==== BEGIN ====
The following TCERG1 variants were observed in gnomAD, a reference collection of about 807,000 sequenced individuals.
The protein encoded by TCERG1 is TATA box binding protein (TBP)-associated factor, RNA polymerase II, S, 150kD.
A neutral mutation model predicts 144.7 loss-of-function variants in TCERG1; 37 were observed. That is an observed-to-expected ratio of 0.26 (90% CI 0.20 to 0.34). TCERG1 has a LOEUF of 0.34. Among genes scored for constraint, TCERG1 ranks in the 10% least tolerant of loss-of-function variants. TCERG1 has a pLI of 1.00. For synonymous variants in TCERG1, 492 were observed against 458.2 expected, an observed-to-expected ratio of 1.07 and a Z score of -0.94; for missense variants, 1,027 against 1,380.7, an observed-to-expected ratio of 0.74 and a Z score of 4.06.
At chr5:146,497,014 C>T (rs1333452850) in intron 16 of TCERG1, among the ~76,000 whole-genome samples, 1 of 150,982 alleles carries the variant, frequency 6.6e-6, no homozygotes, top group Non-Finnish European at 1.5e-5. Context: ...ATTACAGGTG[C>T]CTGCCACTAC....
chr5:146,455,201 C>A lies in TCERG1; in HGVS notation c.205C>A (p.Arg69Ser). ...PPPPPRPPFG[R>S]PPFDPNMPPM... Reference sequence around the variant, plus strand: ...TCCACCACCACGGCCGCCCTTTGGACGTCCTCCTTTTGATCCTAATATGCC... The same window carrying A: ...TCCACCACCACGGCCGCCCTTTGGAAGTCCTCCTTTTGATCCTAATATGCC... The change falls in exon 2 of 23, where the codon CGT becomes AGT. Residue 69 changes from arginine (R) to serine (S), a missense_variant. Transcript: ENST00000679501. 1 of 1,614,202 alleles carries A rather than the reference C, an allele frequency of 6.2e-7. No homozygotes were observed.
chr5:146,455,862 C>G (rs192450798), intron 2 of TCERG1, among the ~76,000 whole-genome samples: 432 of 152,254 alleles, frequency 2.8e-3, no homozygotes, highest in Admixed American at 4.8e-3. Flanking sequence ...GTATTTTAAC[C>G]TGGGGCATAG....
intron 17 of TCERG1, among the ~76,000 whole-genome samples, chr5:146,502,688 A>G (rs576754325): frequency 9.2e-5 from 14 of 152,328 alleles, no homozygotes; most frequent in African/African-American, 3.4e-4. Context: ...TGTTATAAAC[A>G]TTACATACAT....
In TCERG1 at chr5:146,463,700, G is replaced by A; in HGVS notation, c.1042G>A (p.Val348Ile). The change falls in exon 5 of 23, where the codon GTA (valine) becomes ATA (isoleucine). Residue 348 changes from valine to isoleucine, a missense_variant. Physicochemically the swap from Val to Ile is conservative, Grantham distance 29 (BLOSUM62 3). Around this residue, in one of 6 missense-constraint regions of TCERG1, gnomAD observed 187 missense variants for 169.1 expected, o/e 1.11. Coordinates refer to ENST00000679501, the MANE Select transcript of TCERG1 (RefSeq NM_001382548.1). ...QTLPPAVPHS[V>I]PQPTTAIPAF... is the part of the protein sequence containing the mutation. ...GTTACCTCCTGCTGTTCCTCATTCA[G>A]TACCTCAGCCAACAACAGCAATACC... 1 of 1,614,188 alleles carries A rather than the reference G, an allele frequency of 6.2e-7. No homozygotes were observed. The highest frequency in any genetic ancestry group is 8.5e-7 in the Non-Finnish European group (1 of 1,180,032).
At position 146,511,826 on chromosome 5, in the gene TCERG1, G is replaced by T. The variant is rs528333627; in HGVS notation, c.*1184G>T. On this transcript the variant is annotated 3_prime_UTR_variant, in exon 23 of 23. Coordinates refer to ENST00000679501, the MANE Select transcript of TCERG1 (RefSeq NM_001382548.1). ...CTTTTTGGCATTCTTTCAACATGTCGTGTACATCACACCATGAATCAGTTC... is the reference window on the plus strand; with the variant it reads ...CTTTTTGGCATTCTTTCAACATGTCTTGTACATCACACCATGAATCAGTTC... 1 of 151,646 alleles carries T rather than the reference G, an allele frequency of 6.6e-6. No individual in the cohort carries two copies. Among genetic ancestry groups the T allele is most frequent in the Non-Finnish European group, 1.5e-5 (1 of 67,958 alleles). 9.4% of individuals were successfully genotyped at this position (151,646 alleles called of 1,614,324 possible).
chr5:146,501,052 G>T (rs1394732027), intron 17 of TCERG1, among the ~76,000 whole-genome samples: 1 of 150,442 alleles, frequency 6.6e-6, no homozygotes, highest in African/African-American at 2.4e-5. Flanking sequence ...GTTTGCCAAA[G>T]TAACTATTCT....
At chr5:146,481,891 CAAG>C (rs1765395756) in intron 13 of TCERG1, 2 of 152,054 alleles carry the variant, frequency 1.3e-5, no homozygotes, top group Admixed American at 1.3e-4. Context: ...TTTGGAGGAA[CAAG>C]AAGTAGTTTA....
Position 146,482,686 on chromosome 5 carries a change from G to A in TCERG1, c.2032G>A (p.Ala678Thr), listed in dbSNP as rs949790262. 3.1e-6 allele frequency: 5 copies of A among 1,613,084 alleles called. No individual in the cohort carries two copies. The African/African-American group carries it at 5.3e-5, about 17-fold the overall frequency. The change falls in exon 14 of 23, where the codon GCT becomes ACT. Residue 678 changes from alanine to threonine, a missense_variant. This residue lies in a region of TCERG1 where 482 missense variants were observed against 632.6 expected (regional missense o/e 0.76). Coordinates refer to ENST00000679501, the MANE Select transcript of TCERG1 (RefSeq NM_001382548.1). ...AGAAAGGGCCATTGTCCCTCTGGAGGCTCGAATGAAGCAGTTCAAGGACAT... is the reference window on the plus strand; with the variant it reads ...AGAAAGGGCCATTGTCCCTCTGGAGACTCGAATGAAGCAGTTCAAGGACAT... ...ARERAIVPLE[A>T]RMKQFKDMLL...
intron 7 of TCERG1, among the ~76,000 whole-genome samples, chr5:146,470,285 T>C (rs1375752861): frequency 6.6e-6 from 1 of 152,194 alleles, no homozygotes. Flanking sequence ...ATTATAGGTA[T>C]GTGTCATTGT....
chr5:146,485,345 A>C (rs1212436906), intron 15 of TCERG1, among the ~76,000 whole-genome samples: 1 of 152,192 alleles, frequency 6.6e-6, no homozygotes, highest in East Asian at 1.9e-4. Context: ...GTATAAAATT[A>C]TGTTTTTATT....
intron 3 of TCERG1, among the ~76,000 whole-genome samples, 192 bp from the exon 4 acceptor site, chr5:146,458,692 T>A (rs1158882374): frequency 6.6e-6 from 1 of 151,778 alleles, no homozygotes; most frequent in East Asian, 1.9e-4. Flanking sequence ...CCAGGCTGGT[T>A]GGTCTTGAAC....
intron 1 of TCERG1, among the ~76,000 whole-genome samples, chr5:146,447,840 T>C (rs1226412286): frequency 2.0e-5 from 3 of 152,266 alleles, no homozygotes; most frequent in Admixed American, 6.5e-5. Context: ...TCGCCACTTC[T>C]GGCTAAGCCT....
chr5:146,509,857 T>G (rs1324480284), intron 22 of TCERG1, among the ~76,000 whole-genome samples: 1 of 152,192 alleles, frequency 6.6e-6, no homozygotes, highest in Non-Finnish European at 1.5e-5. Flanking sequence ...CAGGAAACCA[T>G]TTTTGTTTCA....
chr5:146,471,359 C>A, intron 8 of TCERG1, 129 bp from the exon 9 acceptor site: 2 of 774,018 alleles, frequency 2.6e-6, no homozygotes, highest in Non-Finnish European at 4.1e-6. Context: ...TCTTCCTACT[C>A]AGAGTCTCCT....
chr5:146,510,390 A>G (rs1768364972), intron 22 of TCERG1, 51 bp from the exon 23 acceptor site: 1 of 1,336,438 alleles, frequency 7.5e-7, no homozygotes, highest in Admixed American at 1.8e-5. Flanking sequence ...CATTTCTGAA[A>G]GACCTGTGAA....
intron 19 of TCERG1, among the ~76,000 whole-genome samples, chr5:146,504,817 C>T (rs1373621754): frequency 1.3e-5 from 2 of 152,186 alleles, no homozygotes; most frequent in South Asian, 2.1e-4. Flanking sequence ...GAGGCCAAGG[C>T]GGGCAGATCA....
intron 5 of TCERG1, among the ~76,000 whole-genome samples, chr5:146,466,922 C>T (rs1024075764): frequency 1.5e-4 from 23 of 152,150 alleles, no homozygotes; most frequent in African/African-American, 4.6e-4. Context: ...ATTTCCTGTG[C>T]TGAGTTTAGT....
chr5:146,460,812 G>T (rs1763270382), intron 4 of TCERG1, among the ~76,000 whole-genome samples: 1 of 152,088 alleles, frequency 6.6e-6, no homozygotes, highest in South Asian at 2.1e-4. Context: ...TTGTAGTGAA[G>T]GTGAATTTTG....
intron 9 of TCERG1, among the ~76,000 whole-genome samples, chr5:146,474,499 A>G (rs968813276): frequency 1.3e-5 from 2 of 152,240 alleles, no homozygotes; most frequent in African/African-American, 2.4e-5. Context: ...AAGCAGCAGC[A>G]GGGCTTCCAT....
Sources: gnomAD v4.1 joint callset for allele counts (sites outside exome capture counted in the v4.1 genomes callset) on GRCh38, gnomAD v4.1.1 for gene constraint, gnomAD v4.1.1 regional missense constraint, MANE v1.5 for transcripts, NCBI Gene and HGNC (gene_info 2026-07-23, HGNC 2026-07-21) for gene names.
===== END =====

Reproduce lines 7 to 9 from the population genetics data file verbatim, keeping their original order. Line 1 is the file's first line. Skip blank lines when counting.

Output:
intron 17 of TCERG1, among the ~76,000 whole-genome samples, chr5:146,502,688 A>G (rs576754325): frequency 9.2e-5 from 14 of 152,328 alleles, no homozygotes; most frequent in African/African-American, 3.4e-4. Context: ...TGTTATAAAC[A>G]TTACATACAT....
In TCERG1 at chr5:146,463,700, G is replaced by A; in HGVS notation, c.1042G>A (p.Val348Ile). The change falls in exon 5 of 23, where the codon GTA (valine) becomes ATA (isoleucine). Residue 348 changes from valine to isoleucine, a missense_variant. Physicochemically the swap from Val to Ile is conservative, Grantham distance 29 (BLOSUM62 3). Around this residue, in one of 6 missense-constraint regions of TCERG1, gnomAD observed 187 missense variants for 169.1 expected, o/e 1.11. Coordinates refer to ENST00000679501, the MANE Select transcript of TCERG1 (RefSeq NM_001382548.1). ...QTLPPAVPHS[V>I]PQPTTAIPAF... is the part of the protein sequence containing the mutation. ...GTTACCTCCTGCTGTTCCTCATTCA[G>A]TACCTCAGCCAACAACAGCAATACC... 1 of 1,614,188 alleles carries A rather than the reference G, an allele frequency of 6.2e-7. No homozygotes were observed. The highest frequency in any genetic ancestry group is 8.5e-7 in the Non-Finnish European group (1 of 1,180,032).
At position 146,511,826 on chromosome 5, in the gene TCERG1, G is replaced by T. The variant is rs528333627; in HGVS notation, c.*1184G>T. On this transcript the variant is annotated 3_prime_UTR_variant, in exon 23 of 23. Coordinates refer to ENST00000679501, the MANE Select transcript of TCERG1 (RefSeq NM_001382548.1). ...CTTTTTGGCATTCTTTCAACATGTCGTGTACATCACACCATGAATCAGTTC... is the reference window on the plus strand; with the variant it reads ...CTTTTTGGCATTCTTTCAACATGTCTTGTACATCACACCATGAATCAGTTC... 1 of 151,646 alleles carries T rather than the reference G, an allele frequency of 6.6e-6. No individual in the cohort carries two copies. Among genetic ancestry groups the T allele is most frequent in the Non-Finnish European group, 1.5e-5 (1 of 67,958 alleles). 9.4% of individuals were successfully genotyped at this position (151,646 alleles called of 1,614,324 possible).